The film's directors, Deirdre O'Neill and Mike Wayne, rebuked claims that the film was transphobic and said that both students and the UCU were attempting to stifle debate on the subject.
They said: "Our film is in no way 'hate filled' or 'transphobic'. What it does is to catalogue case after case of women being abused and harassed for raising concerns in relation to their sex based rights.
"These legtimate concerns are never acknowledged by those who attack the film without seeing it and who want to cancel the film as happened in Edinburgh University last night.
"We made the film in the hope that people will watch it and debate the issues. Some students, university staff and the UCU, are working to make sure that debate does not take plece. Apart from the fact this is an authoritarian, anti-intelectual, anti-democratic position to take, the crucial question is what is it that they are afraid will happen if people watch this film?"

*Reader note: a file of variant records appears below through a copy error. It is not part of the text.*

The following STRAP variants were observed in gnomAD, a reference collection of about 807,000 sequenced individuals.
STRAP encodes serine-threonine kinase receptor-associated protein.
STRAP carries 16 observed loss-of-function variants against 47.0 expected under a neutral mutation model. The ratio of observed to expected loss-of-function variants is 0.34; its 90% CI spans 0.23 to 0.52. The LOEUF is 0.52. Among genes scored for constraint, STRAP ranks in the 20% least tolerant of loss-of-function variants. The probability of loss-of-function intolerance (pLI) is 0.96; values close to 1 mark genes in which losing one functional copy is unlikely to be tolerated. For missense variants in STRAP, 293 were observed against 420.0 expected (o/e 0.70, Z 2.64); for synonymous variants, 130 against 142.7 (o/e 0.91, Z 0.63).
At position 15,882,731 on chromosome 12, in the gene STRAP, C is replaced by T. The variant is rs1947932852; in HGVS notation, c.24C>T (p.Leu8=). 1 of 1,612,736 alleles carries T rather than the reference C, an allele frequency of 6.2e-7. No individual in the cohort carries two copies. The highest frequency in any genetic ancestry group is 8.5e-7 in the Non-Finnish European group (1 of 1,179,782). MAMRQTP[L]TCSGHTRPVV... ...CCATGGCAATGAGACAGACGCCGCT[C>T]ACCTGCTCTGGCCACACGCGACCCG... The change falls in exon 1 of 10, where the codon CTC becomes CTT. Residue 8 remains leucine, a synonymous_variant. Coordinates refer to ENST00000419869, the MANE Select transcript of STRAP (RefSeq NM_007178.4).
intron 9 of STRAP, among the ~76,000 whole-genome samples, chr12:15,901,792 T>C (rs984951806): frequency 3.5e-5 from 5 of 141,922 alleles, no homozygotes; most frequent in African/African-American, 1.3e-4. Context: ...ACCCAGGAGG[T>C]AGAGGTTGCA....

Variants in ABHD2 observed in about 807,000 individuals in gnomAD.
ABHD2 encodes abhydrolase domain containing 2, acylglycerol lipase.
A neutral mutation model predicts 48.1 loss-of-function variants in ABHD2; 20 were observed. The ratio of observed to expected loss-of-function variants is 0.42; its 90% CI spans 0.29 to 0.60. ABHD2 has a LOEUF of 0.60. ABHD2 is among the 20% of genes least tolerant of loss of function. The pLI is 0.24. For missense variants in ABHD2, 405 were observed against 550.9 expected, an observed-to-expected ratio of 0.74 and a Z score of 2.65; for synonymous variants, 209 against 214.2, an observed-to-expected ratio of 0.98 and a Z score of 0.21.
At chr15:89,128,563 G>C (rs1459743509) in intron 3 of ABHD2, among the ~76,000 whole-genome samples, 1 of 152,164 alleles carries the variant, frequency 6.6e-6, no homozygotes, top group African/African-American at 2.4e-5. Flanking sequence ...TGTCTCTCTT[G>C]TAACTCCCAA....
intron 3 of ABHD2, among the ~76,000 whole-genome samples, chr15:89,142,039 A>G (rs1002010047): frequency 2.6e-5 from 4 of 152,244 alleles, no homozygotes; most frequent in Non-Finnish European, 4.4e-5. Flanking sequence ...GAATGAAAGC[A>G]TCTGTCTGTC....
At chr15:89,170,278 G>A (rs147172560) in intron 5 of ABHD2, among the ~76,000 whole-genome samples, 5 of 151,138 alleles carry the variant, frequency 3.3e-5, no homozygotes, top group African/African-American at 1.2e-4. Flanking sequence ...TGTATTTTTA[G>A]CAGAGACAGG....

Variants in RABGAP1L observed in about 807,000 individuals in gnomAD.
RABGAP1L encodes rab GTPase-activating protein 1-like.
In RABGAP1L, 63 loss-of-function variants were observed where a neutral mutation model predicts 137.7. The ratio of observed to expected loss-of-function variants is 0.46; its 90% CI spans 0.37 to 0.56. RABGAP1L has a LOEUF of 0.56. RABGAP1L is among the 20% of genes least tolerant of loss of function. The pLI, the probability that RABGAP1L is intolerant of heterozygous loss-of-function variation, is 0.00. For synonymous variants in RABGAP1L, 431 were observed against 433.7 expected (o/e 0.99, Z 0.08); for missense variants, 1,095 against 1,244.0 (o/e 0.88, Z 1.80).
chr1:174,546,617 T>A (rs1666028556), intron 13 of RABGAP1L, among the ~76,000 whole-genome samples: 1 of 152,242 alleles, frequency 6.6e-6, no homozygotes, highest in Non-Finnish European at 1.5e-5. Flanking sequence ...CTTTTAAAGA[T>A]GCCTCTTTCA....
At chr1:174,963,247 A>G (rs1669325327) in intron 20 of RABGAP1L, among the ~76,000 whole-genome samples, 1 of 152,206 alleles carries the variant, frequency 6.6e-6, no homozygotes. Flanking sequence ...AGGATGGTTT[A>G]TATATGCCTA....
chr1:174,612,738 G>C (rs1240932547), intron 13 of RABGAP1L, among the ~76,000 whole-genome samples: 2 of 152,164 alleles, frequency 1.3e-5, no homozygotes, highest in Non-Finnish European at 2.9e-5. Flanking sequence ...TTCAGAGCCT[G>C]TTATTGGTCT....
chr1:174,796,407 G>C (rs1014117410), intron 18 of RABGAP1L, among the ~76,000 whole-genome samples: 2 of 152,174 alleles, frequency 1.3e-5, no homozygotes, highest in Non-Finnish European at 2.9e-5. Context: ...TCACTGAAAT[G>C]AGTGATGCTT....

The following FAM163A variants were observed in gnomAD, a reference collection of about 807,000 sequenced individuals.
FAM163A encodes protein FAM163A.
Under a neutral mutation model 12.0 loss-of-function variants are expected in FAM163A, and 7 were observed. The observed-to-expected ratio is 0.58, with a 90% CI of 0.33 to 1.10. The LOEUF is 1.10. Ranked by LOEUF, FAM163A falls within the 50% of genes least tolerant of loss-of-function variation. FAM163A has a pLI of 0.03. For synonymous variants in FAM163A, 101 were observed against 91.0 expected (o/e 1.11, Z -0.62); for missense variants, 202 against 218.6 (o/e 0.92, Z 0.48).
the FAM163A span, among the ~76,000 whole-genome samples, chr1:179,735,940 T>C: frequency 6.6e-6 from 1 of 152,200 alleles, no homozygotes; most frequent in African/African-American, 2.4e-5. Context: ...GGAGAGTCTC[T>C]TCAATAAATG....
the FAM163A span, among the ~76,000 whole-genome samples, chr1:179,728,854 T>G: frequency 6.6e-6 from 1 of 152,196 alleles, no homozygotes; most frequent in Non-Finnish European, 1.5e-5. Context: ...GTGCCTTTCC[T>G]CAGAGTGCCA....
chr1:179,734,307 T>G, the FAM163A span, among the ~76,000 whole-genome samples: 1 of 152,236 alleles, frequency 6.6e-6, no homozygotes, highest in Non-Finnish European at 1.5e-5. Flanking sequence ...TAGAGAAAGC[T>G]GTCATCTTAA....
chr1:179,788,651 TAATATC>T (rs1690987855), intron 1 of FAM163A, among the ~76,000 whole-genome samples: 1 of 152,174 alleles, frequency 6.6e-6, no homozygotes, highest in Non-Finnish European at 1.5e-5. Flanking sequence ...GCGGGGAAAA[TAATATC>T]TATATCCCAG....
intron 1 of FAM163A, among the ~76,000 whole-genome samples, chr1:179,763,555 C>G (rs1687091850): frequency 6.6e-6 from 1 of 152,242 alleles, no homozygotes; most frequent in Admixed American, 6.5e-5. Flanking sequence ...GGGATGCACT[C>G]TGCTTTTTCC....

Jule Bandel, a Green councillor for Edinburgh City Council and student at the University of Edinburgh, attended a protest outside the venue.
She told The National she was "appalled" the screening had been allowed to go ahead:
"Universities and colleges should be safe and welcoming spaces for all students regardless of gender identity and trans status.
"As a queer student at the University of Edinburgh and a councillor for this city, I’m appalled that the screening of a film that demonises trans people and spreads harmful myths was given approval on our campus despite opposition from students and staff.